La Source. Alphonse Legros. 1882. size unknown. Plaster relief. Laing Art Gallery, Newcastle Upon Tyne, accession no. TWCMS: D4849. [Click on image to enlarge it.]

The principal version of La Source was exhibited at the Grosvenor Gallery in 1882, no. 372. This relief features an upright nude figure of a young woman pouring water from a vessel. It was discussed by a critic for The Academy even prior to it being exhibited:

Mr. Legros has now all but ready for the casting the plaster ‘proof’ of the bas- relief which is to appear in bronze at the forthcoming exhibition of the Grosvenor Gallery. The work will be entitled La Source. It is the figure of a very young girl, viewed from the front, and bending sideways, her body swayed to the right by the weight of the great water vessel which discharges its contents at her feet. The work is in very low relief, so that strict adherence to the real proportions of the figure, in thickness and depth – which only work in the completed round can fully retain - has necessarily been sacrificed, and for it there has as necessarily been substituted some of that conventionality which draughtsmanship employs in larger measure. The best success of the artist is thus far reached in the treatment of the body. The simple head - of a type which Mr. Legros has more than once given us – lacks, at present, the full youthfulness which the frame exhibits, and, for the moment, justifies more, perhaps, than it is intended to do the sentiment of the American poet, that the body is so much more beautiful than the most beautiful of faces. But the entire figure, from face to foot, is conceived in that spirit of poetic realism which is really the characteristic of Mr. Legros at his best. In it are united a poetry which does not shrink from the employment of familiar themes, and a reality which is unwilling to dispense with the refined touch of imagination. The eye sees that which it is qualified to see, and the eye of Mr. Legros is qualified to see beauty when it escapes the rougher observation. [238]

The Academy later went on to discuss the work further when it was shown at the Grosvenor:

Mr. Legros, who exhibits no pictures, sends several of the works of a modeler; and thus, while opportunity remains for the praise of his invention and of his touch, opportunity of complaint as to his colour is removed. La Source and Death in the Woodman display the variety of his preoccupations. La Source is a relief; the subject, a very young girl’s figure bending under the burden of a heavy vessel. The subject has been treated many times in art, notably, of course, in the picture by Ingres. The necessities of a painting demanded what a relief was scarcely obliged to present, a head of great comeliness, a face of unquestioned beauty - and Ingres succeeded in this as effectively as in the fine line and dimpled modelling of the figure… Mr. Legros’s maiden is under no strain so severe as the heroine of Ingres - the sixteen years child of his concierge. With an interesting head, Legros has given to the figure extreme suavity of beauty, and yet there is hardly idealization at all” (327)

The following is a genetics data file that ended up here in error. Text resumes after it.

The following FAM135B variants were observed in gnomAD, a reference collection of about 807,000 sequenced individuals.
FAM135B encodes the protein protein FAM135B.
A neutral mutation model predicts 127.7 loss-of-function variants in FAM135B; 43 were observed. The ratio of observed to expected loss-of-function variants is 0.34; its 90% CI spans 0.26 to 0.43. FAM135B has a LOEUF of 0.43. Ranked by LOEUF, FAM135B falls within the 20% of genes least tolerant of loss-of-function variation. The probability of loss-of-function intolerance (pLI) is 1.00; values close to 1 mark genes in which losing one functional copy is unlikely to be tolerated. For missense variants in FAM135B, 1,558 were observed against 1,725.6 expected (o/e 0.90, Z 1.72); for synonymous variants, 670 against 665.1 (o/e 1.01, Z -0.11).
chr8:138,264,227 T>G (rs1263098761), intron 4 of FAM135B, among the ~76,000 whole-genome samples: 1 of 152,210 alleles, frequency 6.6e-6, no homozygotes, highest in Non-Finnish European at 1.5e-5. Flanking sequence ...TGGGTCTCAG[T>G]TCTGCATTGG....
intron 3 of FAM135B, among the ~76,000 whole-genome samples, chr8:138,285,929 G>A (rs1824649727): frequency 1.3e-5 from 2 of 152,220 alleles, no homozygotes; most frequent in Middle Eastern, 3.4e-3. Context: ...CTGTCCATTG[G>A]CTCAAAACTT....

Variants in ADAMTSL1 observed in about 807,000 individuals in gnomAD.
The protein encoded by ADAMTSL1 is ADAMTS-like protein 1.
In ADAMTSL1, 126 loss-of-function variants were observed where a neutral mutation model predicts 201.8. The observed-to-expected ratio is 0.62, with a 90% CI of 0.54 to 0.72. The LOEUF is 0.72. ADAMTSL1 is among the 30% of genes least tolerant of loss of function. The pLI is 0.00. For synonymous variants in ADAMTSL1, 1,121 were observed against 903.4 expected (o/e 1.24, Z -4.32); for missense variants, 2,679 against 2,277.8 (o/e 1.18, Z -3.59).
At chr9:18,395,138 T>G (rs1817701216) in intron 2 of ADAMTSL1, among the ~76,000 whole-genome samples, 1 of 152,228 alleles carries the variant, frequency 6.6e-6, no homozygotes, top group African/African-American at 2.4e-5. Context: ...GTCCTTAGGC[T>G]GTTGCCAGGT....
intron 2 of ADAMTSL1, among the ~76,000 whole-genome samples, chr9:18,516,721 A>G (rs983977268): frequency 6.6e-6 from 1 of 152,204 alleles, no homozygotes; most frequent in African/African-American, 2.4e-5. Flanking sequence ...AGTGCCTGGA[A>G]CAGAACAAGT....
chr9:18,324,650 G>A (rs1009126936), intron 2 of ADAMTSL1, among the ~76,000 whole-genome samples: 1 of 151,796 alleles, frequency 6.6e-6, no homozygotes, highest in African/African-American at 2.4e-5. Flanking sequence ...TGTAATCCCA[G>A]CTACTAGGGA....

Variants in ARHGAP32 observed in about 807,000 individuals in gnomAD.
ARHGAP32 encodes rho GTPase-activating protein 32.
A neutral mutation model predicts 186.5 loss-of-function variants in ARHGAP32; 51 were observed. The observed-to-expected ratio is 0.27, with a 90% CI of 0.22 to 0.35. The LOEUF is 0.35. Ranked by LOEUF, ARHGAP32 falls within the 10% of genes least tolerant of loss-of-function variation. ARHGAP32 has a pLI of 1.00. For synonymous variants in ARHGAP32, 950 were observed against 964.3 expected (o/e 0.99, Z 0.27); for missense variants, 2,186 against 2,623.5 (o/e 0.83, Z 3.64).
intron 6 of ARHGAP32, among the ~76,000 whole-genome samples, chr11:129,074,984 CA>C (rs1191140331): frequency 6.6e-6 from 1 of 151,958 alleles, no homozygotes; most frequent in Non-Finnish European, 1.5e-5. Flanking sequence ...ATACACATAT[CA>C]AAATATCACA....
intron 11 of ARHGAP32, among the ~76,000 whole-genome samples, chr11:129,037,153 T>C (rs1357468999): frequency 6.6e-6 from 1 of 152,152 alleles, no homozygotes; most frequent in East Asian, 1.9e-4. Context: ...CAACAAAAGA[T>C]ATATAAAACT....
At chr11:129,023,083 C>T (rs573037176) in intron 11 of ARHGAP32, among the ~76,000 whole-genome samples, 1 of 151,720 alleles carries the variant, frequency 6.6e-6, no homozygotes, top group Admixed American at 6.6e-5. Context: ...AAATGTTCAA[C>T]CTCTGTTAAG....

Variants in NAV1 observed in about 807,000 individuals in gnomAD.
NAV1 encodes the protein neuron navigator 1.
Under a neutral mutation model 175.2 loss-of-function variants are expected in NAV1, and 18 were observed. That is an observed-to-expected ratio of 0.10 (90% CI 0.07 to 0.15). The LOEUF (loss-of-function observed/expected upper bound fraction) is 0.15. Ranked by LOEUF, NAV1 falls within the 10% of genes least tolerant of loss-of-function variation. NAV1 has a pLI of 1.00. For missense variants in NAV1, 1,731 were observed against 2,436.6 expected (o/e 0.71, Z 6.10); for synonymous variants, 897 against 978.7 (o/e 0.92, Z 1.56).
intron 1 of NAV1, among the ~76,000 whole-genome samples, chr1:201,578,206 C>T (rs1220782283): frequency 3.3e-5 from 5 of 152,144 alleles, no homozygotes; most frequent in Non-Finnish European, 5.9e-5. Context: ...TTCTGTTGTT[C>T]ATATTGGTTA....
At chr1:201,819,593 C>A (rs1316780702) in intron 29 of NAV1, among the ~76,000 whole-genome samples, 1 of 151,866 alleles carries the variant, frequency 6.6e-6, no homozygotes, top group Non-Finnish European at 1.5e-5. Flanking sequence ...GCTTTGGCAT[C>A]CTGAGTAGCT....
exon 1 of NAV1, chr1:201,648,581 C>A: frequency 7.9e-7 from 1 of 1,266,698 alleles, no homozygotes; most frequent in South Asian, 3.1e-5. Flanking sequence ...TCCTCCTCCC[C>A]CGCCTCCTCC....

F. G. Stephens gave this sculpture a favourable review in The Athenaeum: ”Among the sculptures here we recognize with pleasure La Source (372) of Mr. Legros, a nude female figure in bas-relief, which is much superior to his greatly overpraised bronze medals in the case No. 373, or the very rough and demonstrative group in the round, which exemplifies no new motive, and is named Death and the Woodma (642). The critic of The Builder complained about how the feet of the figure disappeared: “And a bas-relief by Mr. Legros, ‘La Source’, is very much the same motive as Ingres’ celebrated painting. The feet of the figure disappear as if lapsing into the rivulet which is supposed to flow from them, – that we take to be the intention; the effect is unfortunate” (540). The Magazine of Art described this as ”his charming bas-relief La Source, which is too awkwardly placed to produce its due effect” (352). Cosmo Monkhouse also found it charming: “A touch of the ‘wild’ distinguishes his lately finished bas-relief, The Source, from the exquisitely pretty achievement of Ingres, but the lithe young figure is modelled with notable delicacy and distinction, and is full of chaste charm” (333).

Legros’s friend Henri Fantin-Latour painted this subject in 1871, which is now in the Manchester Art Gallery. It features a pastoral scene of a semi-nude well nymph, seated in a hilly landscape, and pouring water onto the ground from a vessel. A pen-and-ink study for Legros’s relief of La Source is in the collection of the Victoria and Albert Museum, accession no. CAI.253, as is a study in graphite, accession no. CAI.251.


Bénédite, Léonce. “Alphonse Legros, Painter and Sculptor.” The Studio“. 29 (June 1903), 3-22. Internet Archive. Web. 7 February 2012.

“Notes on Art and Archaeology.” The Academy XXI (April 1, 1882): 237-38.

“Fine Art. The Grosvenor Gallery.” The Academy XXI (May 6, 1882): 326-27

“The Grosvenor Gallery.” The Builder XVII (May 6, 1882): 539-40.

“The Exhibitions.” The Magazine of Art V (1882): 351-52.

Monkhouse, Cosmo. “Professor Legros.” The Magazine of Art V (1882): 327-34.

Stephens, Frederic George. “Fine Arts. The Grosvenor Gallery.” The Athenaeum No. 2847 (May 20, 1882): 641-42.

La Source, 1882. Plaster relief, size unknown. Laing Art Gallery, Newcastle Upon Tyne, accession no. TWCMS: D4849.

Last modified 12 November 2022